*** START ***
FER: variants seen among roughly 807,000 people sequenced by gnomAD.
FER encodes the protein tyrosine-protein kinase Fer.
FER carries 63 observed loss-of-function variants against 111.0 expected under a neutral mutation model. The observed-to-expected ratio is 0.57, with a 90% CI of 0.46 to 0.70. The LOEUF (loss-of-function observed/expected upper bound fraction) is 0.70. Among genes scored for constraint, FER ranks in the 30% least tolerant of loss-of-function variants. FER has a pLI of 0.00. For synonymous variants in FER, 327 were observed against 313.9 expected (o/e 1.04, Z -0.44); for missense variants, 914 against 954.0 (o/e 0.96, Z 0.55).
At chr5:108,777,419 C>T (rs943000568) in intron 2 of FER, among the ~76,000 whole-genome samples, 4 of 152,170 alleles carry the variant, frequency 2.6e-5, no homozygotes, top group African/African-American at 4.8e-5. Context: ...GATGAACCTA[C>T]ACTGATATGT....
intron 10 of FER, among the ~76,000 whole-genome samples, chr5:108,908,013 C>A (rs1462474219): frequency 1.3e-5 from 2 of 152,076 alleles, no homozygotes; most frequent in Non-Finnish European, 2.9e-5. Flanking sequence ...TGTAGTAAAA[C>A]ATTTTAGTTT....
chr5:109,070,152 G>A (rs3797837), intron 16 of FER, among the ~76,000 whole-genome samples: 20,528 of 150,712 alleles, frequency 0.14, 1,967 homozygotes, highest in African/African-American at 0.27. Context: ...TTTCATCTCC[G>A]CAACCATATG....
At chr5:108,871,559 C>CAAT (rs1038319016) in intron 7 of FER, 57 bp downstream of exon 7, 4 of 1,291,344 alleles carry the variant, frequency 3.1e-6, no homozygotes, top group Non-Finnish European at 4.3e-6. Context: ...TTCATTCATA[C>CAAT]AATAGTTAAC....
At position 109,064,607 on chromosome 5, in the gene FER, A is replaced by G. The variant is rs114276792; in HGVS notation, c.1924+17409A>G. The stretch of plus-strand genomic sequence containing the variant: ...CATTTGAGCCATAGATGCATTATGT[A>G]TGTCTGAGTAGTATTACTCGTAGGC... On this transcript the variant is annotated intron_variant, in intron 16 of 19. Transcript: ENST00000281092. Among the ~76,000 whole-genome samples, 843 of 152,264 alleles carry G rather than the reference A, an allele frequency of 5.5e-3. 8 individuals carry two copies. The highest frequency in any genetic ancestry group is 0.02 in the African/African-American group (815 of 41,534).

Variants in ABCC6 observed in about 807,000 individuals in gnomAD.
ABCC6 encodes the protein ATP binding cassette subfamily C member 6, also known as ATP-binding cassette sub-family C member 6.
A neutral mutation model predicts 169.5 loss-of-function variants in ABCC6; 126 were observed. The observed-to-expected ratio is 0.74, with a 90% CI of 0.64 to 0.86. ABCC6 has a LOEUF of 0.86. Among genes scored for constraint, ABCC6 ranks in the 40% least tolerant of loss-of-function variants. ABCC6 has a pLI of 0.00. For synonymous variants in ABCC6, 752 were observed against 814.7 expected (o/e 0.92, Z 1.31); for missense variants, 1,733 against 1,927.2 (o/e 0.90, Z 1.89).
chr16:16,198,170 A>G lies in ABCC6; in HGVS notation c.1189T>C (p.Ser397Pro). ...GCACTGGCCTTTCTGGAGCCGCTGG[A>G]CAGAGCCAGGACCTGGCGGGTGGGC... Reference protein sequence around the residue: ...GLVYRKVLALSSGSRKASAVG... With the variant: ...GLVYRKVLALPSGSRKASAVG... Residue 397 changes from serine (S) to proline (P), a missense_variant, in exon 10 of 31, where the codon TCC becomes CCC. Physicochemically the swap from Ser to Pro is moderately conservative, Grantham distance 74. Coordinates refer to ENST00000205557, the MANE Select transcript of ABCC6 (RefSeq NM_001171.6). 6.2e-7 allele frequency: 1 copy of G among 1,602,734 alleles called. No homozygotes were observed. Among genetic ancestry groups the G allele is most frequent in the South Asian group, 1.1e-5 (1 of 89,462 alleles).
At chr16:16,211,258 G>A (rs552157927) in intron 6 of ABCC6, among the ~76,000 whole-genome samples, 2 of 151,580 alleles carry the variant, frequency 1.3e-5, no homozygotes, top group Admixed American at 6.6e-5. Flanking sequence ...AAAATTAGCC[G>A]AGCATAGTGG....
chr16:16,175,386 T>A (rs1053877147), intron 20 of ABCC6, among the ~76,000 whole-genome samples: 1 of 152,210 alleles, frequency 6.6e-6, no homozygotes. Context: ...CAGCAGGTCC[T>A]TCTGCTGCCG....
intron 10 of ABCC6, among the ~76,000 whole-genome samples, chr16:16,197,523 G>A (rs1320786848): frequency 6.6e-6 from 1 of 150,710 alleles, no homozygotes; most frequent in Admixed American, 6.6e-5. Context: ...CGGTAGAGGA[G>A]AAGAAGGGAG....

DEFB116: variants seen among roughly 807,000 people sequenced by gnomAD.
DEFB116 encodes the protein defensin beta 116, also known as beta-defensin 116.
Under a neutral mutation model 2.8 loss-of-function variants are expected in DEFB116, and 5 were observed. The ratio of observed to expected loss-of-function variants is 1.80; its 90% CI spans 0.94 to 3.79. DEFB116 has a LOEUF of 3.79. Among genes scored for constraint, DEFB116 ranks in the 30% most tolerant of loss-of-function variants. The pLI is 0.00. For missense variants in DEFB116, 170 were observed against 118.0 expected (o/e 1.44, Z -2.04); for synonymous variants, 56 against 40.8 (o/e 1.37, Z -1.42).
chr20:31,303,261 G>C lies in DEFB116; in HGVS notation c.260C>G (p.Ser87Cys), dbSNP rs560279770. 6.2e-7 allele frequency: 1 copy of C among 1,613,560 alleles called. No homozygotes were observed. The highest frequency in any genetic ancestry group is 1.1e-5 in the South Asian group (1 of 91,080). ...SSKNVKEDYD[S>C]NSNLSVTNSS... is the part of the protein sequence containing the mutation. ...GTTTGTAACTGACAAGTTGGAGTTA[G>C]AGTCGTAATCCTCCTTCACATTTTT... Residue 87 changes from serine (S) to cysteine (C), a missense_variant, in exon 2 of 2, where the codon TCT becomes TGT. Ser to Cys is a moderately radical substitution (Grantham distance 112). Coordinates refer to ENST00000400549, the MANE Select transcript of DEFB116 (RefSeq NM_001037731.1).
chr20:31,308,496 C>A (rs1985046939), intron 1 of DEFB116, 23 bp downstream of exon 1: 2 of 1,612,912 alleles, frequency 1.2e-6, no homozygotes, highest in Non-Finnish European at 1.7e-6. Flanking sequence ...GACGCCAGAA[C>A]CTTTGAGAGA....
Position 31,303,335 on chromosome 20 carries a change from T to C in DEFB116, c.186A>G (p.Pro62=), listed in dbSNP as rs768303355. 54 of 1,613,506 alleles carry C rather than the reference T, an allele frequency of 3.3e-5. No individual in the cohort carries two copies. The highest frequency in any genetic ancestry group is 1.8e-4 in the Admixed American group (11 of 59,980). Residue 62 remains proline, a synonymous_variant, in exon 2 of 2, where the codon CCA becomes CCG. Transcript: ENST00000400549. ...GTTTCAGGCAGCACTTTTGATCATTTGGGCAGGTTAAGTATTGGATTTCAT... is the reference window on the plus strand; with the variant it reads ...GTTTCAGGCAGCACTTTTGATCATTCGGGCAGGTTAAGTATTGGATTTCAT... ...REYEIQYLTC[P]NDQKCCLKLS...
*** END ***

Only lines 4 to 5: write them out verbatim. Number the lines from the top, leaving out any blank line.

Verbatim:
At chr5:108,777,419 C>T (rs943000568) in intron 2 of FER, among the ~76,000 whole-genome samples, 4 of 152,170 alleles carry the variant, frequency 2.6e-5, no homozygotes, top group African/African-American at 4.8e-5. Context: ...GATGAACCTA[C>T]ACTGATATGT....
intron 10 of FER, among the ~76,000 whole-genome samples, chr5:108,908,013 C>A (rs1462474219): frequency 1.3e-5 from 2 of 152,076 alleles, no homozygotes; most frequent in Non-Finnish European, 2.9e-5. Flanking sequence ...TGTAGTAAAA[C>A]ATTTTAGTTT....